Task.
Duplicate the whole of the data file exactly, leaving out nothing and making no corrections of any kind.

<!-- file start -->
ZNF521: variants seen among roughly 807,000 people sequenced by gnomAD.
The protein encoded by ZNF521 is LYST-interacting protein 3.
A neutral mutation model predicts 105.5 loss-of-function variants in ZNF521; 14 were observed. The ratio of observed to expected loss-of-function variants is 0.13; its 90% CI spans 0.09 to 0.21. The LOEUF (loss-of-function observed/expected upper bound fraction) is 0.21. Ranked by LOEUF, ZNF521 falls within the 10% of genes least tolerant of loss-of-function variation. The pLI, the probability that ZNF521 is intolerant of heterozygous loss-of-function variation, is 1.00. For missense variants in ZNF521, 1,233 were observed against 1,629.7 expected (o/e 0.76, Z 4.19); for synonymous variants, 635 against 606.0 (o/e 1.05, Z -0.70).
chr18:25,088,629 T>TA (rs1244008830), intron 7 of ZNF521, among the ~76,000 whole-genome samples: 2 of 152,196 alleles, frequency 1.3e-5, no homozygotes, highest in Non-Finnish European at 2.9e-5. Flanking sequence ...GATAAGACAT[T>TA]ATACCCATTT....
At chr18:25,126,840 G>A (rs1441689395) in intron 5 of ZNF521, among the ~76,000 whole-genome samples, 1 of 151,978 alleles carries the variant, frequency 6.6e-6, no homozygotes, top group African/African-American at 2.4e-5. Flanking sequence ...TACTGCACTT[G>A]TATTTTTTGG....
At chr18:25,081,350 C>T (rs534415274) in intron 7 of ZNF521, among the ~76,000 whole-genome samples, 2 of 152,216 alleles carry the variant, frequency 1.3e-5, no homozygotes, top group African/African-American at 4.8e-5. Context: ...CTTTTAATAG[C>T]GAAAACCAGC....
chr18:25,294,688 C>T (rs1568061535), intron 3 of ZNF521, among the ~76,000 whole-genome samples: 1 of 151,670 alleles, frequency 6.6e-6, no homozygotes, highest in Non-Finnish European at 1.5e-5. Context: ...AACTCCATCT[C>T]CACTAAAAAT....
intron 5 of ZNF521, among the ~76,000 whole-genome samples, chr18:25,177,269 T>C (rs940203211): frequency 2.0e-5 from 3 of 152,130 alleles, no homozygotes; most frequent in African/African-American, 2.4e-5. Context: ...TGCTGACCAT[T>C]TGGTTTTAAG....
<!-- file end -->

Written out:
ZNF521: variants seen among roughly 807,000 people sequenced by gnomAD.
The protein encoded by ZNF521 is LYST-interacting protein 3.
A neutral mutation model predicts 105.5 loss-of-function variants in ZNF521; 14 were observed. The ratio of observed to expected loss-of-function variants is 0.13; its 90% CI spans 0.09 to 0.21. The LOEUF (loss-of-function observed/expected upper bound fraction) is 0.21. Ranked by LOEUF, ZNF521 falls within the 10% of genes least tolerant of loss-of-function variation. The pLI, the probability that ZNF521 is intolerant of heterozygous loss-of-function variation, is 1.00. For missense variants in ZNF521, 1,233 were observed against 1,629.7 expected (o/e 0.76, Z 4.19); for synonymous variants, 635 against 606.0 (o/e 1.05, Z -0.70).
chr18:25,088,629 T>TA (rs1244008830), intron 7 of ZNF521, among the ~76,000 whole-genome samples: 2 of 152,196 alleles, frequency 1.3e-5, no homozygotes, highest in Non-Finnish European at 2.9e-5. Flanking sequence ...GATAAGACAT[T>TA]ATACCCATTT....
At chr18:25,126,840 G>A (rs1441689395) in intron 5 of ZNF521, among the ~76,000 whole-genome samples, 1 of 151,978 alleles carries the variant, frequency 6.6e-6, no homozygotes, top group African/African-American at 2.4e-5. Flanking sequence ...TACTGCACTT[G>A]TATTTTTTGG....
At chr18:25,081,350 C>T (rs534415274) in intron 7 of ZNF521, among the ~76,000 whole-genome samples, 2 of 152,216 alleles carry the variant, frequency 1.3e-5, no homozygotes, top group African/African-American at 4.8e-5. Context: ...CTTTTAATAG[C>T]GAAAACCAGC....
chr18:25,294,688 C>T (rs1568061535), intron 3 of ZNF521, among the ~76,000 whole-genome samples: 1 of 151,670 alleles, frequency 6.6e-6, no homozygotes, highest in Non-Finnish European at 1.5e-5. Context: ...AACTCCATCT[C>T]CACTAAAAAT....
intron 5 of ZNF521, among the ~76,000 whole-genome samples, chr18:25,177,269 T>C (rs940203211): frequency 2.0e-5 from 3 of 152,130 alleles, no homozygotes; most frequent in African/African-American, 2.4e-5. Context: ...TGCTGACCAT[T>C]TGGTTTTAAG....